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EXAM 1 Chapter 1 - Health Economics studies the supply and demand of health care resources and the impact of health care resources on a population. - Health care resources consist of medical supplies, such as pharmaceutical goods, latex rubber gloves, and bed linens; personnel , such as physicians and lab assistants; and capital inputs, including nursing home and hospital facilities, diagnostic and therapeutic equipment, and other items that provide medical care services. - The Four Basic Questions o What mix of nonmedical and medical goods and services should be produced in the macroeconomy? o What mix of medical goods and services should be produced in the health economy? o What specific health care resources should be used to produce the chosen medical goods and services? o Who should receive the medical goods and services that are produced? o The first two questions deal with allocative efficiency: What is the best way to allocate resources to different consumption uses?  Concerns what combination of goods and services to produce in the health economy.  The second consumption decision involves the proper mix of medical goods and services to produce in the health economy. Also trade-offs. o The third question deals with production efficiency.  Implies that society is getting the maximum output from its limited resources because the best mix of inputs has been chosen to produce each good. - Production and Allocative Efficiency and the Product Possibilities Curve o The most straightforward way to illustrate production and allocative efficiency is the use of production possibilities curve (PPC).  A PPC is an economic model that depicts the various combinations of any two goods or services that can be produced efficiently given the stock of resources, technology, and various institutional arrangements  The bowed out shape of the PPC implies that opportunity cost is not constant buy increases with a movement along the curve. o Opportunity Cost – The value of the next best alternative that is given up. o Law of Increasing Opportunity Cost – Suggests that ever-increasing amounts of one good must be given up to receive successively more equal increments of another good. o If medical inputs are not fully utilized because some inputs are idle or used unproductively, more units of one medical service can be produced without decreasing the amount of the other medical service.o Production efficiency is attained when the health economy operates at any point on the PPC, since medical inputs are producing the maximum amount of medical services and no unproductive behavior or involuntary unemployment exists. o The ideal, or optimal, point for allocative efficiency depends on society’s underlying preferences for the 2 medical services. o The PPC provides a good example of a simple but powerful model because it shed light on a number of important lessons:  The all-important economic role of scarcity  The significance of economic choices  Costs of inefficiency  How growth takes place in an economy. - The Distribution Question o The answer to the 4th question deals with distributive justice or equity:  It asks whether the distribution of services is equitable, or fair, to everyone involved. o Two ways of distributing output:  Pure Market System - Goods and services are distributed, or rationed, to only those people who are both willing and able to purchase them in the marketplace. - The incentives associated with a pure market system typically mean that the economy operates on the PPC.  Perfect Egalitarian System - Everyone has access to the same goods and services without regard to income status or willingness to pay. - The economy may operate inside the PPC.  Most countries have adopted a mixed distribution system, with the reliance on central versus market distribution varying by degree across countries.  In the US, many goods and services are distributed by both the market and the government (food stamps, Medicaid). - Gross Domestic Product (GDP) captures the total market value of all goods and services produced in an economy during a particular period. - Medical Care consists of: Costs, Access, and Quality. - The CMS (Center for Medicare and Medicaid Services) data yield important insights with respect to how health care funds are used, where the funds come from, and how much money in total is spent on medical care in the US. - Hospital and physician services account for more than half of all health care spending. - Sources of Medical Funds o 2006 – 54% of all funds spent on national health care came from the private sector, down from approximately 76% in 1960. o According to Woolhandler and Himmelstein, tax financing represents the major source of health care funds in the US.- According to CMS figures, the US spent $2.1 trillion on health care or slightly over $7,000 per person in 2006. - One way of controlling for differences in the underlying productive capacity of an economy or economies is by dividing, in this case, the amount of health care spending by GDP. - The greater productive capacity of the US economy allowed for greater amounts of both health care and all other goods to be produced. - Prior to the 1970s, most people purchased only hospital insurance. - By 1975 the uninsured rate in the US dipped to about 13% because of both private purchases and public expansions. - A health care expenditure function can be states in general form as o E = f(Y) - Economic Models o Models are abstractions of reality and are used in economics to simplify a very complex world. o Can be stated in descriptive, graphical, or mathematical form. o Implies that health care spending is a function of consumer income/health care expenditures are expected to rise with income. o Linear expenditure function:  E = a +bY  States that health care expenditures are directly related to consumer income in a linear fashion. - Positive and Normative Analysis o Positive Analysis – Uses economic theory and empirical analysis to make statements or predictions concerning economic behavior. “What is?” or “What happened?” o Normative Analysis – Deals with the appropriateness or desirability of an economic outcome or policy. “What ought to be?” or “Which is better?” - Empirical Testing o Empirical testing of economic theories is important for two reasons:  Economic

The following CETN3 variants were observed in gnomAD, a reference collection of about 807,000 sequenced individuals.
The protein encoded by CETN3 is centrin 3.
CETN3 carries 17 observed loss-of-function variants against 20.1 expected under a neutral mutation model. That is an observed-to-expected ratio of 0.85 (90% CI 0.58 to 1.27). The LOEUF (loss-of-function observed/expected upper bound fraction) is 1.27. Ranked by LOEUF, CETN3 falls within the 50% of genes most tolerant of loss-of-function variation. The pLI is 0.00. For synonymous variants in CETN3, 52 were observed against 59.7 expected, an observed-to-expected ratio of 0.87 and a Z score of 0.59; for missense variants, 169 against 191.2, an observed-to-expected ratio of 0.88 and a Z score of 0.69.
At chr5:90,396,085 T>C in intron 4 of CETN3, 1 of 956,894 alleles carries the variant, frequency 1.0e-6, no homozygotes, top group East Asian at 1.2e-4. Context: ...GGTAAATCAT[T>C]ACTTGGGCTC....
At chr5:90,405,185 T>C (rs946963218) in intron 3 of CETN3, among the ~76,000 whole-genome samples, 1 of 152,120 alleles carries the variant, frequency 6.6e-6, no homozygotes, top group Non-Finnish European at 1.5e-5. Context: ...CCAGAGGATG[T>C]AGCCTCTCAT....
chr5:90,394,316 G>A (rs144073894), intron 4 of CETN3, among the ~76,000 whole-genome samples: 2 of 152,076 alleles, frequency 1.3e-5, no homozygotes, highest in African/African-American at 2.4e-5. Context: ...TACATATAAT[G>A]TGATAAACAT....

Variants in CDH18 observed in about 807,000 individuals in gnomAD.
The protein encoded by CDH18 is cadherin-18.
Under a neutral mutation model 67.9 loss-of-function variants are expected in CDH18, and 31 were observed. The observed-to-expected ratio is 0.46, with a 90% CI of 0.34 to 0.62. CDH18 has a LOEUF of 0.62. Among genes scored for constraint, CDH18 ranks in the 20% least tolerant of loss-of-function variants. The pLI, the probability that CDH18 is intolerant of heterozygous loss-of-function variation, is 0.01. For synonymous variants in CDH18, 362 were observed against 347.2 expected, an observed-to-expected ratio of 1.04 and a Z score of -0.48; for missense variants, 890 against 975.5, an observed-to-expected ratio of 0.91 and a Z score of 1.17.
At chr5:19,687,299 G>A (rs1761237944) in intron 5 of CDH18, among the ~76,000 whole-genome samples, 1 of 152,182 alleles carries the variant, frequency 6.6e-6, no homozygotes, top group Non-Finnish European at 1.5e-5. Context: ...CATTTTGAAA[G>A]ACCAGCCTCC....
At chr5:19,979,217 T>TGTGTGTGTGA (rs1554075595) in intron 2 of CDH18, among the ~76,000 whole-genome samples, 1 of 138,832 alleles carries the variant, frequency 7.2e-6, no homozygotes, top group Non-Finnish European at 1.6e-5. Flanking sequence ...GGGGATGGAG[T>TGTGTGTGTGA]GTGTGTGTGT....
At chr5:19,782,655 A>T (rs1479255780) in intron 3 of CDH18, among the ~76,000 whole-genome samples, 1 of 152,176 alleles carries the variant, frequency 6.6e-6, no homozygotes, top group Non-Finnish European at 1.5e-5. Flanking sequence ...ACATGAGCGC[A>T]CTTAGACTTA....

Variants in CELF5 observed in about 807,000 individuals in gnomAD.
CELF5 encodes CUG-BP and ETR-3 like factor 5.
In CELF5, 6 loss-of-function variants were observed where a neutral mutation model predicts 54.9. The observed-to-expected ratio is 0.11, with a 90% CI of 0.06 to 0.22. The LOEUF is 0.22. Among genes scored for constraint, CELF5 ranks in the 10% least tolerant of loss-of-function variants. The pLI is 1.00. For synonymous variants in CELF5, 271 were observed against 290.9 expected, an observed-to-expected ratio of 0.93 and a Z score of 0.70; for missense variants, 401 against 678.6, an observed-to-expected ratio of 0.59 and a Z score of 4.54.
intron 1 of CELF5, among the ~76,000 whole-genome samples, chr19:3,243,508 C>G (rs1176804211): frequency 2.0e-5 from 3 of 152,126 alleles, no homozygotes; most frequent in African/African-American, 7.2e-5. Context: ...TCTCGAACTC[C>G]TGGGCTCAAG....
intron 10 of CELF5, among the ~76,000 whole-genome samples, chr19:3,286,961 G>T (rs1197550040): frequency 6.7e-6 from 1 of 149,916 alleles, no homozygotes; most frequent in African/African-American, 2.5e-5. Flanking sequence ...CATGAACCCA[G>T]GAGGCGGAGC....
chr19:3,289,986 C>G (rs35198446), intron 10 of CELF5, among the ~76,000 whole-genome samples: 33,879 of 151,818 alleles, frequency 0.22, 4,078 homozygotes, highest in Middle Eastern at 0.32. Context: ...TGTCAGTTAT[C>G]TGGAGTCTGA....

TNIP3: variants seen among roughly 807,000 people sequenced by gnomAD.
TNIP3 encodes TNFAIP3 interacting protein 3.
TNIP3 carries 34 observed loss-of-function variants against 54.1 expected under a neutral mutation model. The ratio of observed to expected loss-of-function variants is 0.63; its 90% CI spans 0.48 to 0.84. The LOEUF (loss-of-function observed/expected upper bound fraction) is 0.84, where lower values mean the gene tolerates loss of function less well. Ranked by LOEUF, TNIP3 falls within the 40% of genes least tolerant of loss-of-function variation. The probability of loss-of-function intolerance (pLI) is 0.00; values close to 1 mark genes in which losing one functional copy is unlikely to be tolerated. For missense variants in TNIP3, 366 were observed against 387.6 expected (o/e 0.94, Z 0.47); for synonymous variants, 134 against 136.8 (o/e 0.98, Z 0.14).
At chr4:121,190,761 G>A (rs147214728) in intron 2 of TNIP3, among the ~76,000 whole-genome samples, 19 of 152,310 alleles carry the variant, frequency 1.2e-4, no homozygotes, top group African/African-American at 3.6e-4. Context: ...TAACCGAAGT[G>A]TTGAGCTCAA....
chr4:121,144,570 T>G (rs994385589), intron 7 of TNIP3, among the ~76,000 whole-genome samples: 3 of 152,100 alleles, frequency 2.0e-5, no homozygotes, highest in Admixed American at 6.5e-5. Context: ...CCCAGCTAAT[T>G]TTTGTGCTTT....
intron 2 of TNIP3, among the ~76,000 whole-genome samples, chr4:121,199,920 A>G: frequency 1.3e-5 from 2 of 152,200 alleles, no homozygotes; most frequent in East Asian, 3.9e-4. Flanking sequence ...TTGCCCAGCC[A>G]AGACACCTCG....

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FSU ECP 4530 - EXAM 1